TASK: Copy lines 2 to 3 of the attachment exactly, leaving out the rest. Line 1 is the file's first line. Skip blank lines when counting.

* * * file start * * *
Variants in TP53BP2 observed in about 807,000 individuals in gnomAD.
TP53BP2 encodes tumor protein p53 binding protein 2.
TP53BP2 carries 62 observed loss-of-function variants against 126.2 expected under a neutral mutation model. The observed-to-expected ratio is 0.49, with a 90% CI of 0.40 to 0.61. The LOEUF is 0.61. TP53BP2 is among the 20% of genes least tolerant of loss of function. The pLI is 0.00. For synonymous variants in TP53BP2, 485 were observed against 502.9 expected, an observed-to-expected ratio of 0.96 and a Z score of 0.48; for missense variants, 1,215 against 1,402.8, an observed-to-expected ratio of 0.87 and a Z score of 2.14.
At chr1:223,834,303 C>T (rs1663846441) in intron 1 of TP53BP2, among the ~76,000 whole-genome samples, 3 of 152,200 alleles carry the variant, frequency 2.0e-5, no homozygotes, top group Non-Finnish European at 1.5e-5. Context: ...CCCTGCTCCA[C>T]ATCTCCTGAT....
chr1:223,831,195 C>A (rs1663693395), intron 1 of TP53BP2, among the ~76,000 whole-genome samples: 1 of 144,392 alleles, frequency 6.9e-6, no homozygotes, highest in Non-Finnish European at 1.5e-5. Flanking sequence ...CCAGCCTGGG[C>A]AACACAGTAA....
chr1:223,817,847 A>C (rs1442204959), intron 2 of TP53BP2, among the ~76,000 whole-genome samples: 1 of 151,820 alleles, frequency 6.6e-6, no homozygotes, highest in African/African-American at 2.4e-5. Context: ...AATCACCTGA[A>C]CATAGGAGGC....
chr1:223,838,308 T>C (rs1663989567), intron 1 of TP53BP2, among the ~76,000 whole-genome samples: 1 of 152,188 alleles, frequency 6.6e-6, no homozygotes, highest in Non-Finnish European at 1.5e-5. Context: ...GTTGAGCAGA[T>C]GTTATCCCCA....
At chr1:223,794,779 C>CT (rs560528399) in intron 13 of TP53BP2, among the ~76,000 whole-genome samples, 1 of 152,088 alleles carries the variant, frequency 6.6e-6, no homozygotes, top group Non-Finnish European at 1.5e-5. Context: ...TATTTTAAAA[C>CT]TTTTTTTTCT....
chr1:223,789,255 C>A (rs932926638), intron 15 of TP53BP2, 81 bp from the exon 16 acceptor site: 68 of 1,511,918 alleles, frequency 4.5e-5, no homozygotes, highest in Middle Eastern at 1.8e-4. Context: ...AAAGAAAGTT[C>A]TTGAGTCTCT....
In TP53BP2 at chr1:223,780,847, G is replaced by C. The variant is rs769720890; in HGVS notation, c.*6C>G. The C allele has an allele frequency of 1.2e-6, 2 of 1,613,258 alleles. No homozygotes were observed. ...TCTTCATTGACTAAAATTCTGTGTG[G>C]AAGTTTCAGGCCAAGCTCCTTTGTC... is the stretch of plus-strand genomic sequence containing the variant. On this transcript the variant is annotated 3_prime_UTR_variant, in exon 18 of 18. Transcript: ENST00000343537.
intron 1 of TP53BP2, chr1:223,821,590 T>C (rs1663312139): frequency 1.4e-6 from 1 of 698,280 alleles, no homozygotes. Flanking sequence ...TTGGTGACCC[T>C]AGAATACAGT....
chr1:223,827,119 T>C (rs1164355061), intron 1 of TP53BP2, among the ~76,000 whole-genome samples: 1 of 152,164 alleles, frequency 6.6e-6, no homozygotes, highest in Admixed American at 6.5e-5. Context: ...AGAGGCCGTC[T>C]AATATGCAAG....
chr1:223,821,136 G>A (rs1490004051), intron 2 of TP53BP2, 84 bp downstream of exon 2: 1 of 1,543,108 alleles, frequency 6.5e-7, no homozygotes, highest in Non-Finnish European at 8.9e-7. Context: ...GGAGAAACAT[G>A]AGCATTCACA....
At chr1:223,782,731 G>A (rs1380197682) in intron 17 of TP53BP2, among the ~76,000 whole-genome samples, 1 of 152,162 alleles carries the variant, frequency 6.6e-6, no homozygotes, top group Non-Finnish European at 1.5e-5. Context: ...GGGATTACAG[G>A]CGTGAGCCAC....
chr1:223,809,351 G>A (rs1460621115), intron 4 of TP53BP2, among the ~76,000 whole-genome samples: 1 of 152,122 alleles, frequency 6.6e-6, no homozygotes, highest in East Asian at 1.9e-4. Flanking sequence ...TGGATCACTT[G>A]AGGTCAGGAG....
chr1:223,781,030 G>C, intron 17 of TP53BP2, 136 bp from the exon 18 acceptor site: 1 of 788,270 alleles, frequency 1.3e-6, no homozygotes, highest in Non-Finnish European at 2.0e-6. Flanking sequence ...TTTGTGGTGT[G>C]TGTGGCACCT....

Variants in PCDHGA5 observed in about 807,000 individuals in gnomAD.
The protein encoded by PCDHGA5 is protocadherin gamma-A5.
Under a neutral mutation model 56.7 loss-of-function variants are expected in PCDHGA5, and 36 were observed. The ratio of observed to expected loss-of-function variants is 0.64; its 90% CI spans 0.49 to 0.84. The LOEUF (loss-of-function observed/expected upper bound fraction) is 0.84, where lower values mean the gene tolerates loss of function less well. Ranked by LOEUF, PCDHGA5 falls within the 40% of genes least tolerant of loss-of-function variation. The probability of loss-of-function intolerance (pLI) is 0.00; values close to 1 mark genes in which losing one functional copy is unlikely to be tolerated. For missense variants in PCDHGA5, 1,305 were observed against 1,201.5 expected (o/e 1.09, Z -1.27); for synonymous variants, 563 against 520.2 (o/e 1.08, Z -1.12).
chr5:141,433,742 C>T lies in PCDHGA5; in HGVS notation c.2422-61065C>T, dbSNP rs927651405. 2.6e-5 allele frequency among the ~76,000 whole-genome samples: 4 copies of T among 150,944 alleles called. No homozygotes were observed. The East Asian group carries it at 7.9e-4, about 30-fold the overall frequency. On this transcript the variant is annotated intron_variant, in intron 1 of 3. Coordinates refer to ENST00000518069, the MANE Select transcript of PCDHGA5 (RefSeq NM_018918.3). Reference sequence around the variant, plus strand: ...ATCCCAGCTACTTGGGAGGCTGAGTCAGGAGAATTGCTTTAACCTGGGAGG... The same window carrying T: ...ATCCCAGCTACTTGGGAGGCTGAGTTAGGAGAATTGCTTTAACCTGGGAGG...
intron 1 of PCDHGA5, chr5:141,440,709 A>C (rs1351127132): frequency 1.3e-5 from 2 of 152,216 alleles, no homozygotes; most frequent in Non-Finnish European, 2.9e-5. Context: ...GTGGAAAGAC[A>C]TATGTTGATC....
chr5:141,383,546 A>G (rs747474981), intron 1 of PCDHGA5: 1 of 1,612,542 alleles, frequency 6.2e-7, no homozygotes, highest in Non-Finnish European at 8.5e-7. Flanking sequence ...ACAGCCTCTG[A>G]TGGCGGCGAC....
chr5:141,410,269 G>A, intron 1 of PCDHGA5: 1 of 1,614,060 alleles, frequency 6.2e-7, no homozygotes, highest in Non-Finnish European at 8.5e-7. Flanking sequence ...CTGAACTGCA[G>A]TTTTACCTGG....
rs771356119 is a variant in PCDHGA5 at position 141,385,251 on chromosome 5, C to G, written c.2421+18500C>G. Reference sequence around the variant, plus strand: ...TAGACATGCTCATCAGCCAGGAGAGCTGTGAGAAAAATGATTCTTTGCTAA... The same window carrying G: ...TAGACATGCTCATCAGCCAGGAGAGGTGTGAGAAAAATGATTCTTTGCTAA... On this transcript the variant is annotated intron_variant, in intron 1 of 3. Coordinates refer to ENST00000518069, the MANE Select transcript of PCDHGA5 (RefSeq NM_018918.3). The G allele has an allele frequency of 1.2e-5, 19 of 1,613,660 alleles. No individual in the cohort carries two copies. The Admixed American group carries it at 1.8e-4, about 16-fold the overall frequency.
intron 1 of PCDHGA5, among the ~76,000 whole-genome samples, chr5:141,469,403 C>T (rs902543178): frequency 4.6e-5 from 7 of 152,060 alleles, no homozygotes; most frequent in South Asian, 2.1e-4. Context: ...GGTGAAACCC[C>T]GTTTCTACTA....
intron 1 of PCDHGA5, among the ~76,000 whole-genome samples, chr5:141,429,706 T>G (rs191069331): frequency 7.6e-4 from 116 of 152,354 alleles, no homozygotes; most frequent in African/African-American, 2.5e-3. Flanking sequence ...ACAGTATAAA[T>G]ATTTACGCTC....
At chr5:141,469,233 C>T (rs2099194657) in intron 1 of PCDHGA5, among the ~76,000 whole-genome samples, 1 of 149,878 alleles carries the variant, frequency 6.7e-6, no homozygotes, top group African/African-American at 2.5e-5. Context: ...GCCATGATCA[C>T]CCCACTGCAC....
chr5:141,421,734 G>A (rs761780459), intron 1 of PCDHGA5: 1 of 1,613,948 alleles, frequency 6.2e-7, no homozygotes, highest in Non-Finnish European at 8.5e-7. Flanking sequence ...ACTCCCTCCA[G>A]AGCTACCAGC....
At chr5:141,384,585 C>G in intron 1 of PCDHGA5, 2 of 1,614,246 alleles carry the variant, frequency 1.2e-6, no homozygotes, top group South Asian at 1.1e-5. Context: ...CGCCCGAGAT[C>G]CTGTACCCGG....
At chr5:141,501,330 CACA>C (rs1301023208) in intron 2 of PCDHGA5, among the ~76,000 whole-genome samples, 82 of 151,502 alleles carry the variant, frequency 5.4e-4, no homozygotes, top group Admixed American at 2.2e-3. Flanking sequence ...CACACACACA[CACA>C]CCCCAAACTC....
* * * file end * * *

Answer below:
TP53BP2 encodes tumor protein p53 binding protein 2.
TP53BP2 carries 62 observed loss-of-function variants against 126.2 expected under a neutral mutation model. The observed-to-expected ratio is 0.49, with a 90% CI of 0.40 to 0.61. The LOEUF is 0.61. TP53BP2 is among the 20% of genes least tolerant of loss of function. The pLI is 0.00. For synonymous variants in TP53BP2, 485 were observed against 502.9 expected, an observed-to-expected ratio of 0.96 and a Z score of 0.48; for missense variants, 1,215 against 1,402.8, an observed-to-expected ratio of 0.87 and a Z score of 2.14.